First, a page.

A group of major payers and providers said its member organizations have more than half their business tied to value-based payment arrangements in 2018, while aiming to hit the 75% mark by the end of next year.
The Health Care Transformation Task Force announced on Tuesday that 42 member organizations had 52% of their business in payment arrangements involving global budgets, bundled payment or shared savings deals by the end of 2018, up to 47% the year before.
That's despite widespread concerns that providers and plans have moved more slowly than hoped into value-based arrangements which strongly incentivize performance improvement, including downside financial risk for failing to meet cost and quality targets.
Most policymakers and experts say substantially shifting healthcare payment from fee-for-service to robust value-based contracts is essential for controlling U.S. healthcare spending and improving quality of care.
"Task force members have made important and impressive progress in moving the dial on value-based payment adoption," Fran Soistman, executive vice president at Aetna and chair of the task force, said in a written statement.
The task force members include Aetna, Anthem, Ascension, Blue Cross Blue Shield of Michigan, Cleveland Clinic, Dignity Health, Geisinger, Pacific Business Group on Health, Sentara Healthcare, and Trinity Health.
The group defines value-based payment arrangements as those that successfully incentivize and hold payers and providers accountable for the total cost, patient experience and quality of care for a population of patients, either for that population's full range of care or for defined episodes.
One large task force member acknowledged that achieving the 75% goal for value-based payment will be a stretch.
Emily Brower, senior vice president for clinical integration at Trinity Health, said her system now has 24% of its business in alternative payment models, covering 1.6 million people. "We think of it as aspirational for us to go from 24% to 75%," she said.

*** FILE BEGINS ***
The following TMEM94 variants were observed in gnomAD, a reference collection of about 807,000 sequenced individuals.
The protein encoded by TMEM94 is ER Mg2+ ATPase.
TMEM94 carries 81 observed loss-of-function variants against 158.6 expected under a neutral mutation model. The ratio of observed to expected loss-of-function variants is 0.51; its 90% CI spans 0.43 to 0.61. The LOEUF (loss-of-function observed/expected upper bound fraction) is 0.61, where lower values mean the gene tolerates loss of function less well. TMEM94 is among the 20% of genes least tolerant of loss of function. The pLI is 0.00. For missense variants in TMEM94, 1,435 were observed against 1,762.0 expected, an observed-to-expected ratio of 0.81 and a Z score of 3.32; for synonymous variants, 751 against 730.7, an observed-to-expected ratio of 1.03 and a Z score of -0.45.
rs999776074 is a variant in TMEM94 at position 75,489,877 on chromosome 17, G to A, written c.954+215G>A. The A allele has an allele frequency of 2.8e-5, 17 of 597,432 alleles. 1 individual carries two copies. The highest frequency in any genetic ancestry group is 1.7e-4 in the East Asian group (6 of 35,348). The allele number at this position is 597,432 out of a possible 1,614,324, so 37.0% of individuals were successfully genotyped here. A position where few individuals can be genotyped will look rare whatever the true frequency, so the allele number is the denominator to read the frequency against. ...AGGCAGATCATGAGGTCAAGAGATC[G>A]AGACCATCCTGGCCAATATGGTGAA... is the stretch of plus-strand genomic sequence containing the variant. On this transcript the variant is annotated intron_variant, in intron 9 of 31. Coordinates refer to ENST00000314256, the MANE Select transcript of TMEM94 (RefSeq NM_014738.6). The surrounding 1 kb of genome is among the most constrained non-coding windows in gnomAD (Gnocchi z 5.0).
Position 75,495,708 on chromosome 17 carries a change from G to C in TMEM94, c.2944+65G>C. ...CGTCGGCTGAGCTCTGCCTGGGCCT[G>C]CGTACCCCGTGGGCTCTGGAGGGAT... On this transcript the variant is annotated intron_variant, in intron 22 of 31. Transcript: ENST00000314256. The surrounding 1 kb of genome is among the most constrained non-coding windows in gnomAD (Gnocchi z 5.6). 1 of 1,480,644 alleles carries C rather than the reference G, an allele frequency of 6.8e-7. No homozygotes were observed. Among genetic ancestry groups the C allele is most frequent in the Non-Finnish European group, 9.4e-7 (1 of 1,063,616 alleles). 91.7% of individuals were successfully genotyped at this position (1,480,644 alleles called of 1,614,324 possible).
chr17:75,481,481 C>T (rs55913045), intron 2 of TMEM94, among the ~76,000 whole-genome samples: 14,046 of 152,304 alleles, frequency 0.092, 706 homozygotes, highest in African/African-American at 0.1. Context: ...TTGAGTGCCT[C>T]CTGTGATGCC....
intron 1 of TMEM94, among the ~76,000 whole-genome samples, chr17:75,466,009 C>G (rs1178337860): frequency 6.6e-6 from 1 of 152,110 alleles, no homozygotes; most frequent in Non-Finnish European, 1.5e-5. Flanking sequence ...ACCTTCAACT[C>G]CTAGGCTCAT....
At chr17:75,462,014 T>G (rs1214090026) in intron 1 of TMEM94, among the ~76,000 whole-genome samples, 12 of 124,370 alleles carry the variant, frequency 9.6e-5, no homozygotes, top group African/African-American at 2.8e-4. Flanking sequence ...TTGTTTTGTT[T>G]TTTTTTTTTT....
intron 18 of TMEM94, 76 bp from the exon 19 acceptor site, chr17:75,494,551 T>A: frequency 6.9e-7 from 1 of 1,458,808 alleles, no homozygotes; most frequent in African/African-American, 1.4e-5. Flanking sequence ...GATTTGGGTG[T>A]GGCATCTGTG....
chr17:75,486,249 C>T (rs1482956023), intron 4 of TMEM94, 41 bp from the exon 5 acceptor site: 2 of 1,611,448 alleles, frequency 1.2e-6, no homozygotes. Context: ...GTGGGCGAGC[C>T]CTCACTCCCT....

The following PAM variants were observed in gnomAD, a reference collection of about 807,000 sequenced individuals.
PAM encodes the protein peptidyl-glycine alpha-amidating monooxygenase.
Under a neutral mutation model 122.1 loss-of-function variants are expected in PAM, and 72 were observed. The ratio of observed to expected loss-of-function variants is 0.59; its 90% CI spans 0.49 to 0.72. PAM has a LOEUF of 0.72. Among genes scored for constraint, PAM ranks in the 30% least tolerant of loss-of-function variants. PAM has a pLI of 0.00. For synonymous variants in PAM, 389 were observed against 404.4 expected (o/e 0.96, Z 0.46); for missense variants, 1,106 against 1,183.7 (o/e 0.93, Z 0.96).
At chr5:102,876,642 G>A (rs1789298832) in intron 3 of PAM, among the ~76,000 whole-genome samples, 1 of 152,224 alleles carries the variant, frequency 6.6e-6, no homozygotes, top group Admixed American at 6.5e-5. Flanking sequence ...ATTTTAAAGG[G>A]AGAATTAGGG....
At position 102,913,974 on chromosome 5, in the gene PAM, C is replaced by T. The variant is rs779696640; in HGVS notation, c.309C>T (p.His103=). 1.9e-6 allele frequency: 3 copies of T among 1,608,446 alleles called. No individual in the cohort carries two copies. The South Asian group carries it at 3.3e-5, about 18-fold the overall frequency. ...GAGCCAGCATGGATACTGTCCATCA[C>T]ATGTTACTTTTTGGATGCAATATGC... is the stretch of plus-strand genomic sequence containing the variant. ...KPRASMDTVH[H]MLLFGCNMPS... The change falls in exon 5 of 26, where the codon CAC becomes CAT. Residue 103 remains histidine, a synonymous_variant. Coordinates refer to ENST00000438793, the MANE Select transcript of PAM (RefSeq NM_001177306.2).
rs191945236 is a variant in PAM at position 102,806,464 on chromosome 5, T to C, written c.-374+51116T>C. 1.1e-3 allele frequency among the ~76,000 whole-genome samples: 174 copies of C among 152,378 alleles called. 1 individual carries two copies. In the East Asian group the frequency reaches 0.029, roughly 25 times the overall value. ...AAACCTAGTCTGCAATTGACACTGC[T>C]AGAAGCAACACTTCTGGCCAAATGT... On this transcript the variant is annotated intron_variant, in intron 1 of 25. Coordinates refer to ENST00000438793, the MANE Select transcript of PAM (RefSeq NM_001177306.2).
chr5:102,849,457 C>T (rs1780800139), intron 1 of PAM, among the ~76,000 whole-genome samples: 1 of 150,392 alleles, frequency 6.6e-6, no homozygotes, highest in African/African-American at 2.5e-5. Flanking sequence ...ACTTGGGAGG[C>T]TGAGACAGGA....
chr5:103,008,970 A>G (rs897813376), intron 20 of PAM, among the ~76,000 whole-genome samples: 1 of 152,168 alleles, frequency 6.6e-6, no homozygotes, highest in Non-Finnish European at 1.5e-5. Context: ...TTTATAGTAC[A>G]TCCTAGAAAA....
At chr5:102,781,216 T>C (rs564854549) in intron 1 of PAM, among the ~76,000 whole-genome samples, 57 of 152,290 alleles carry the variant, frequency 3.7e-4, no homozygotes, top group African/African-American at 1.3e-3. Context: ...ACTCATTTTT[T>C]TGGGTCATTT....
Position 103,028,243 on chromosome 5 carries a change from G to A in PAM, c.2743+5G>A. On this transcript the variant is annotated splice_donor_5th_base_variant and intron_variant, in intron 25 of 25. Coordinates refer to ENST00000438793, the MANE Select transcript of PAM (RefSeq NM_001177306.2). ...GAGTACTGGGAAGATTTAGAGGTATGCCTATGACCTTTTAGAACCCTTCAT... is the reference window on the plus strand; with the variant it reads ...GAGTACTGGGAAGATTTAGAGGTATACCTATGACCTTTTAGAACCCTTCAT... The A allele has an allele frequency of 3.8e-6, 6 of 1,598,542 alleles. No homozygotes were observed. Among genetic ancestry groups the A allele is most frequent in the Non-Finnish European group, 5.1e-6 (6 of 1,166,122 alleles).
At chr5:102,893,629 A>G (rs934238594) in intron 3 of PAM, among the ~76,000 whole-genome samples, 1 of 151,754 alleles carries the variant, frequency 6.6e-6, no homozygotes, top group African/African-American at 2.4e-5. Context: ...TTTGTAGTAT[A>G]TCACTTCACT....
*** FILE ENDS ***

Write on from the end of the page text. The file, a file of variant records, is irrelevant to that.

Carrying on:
Trinity has been aggressive in participating in Medicare and Medicaid accountable care and bundled payment programs. But it has made slower progress with Medicare Advantage and commercial health plans. She said Trinity is in conversations with most of the local and national health plans about moving to alternative payment models.
"Commercial payers are in different positions, just like providers," she said. "We need to work with health plans to come up with those models, and that takes more time."
Jeff Micklos, the task force's executive director, said that while some task force members already have achieved the 75% goal, many are facing obstacles in reaching that threshold. "Value transformation has been incremental so far and is not moving as fast as many would like," he said.
While the number of value-based payment deals is increasing, many don't include strong mechanisms to change behavior, including downside risk. Providers and health plans frequently complain that the other side in the negotiations isn't interested in entering into robust value-based payment contracts.
The lack of timely, accurate claims data and valid quality data is often cited by providers as a major obstacle to entering deals with downside risk.
"If the data (aren't) accurate, you're not going to get provider buy-in, and you're not going to get clinical change," Dr. Brian Klausner, chief medical officer of WakeMed Key Community Care, told Modern Healthcare last month.
Brower stressed that her organization is eager to move forward with value-based payment because it produces better care for patients.
"When we're paid to be accountable for the full experience and clinical outcomes, the team is all working around one patient care plan, and people feel that care very differently," she said.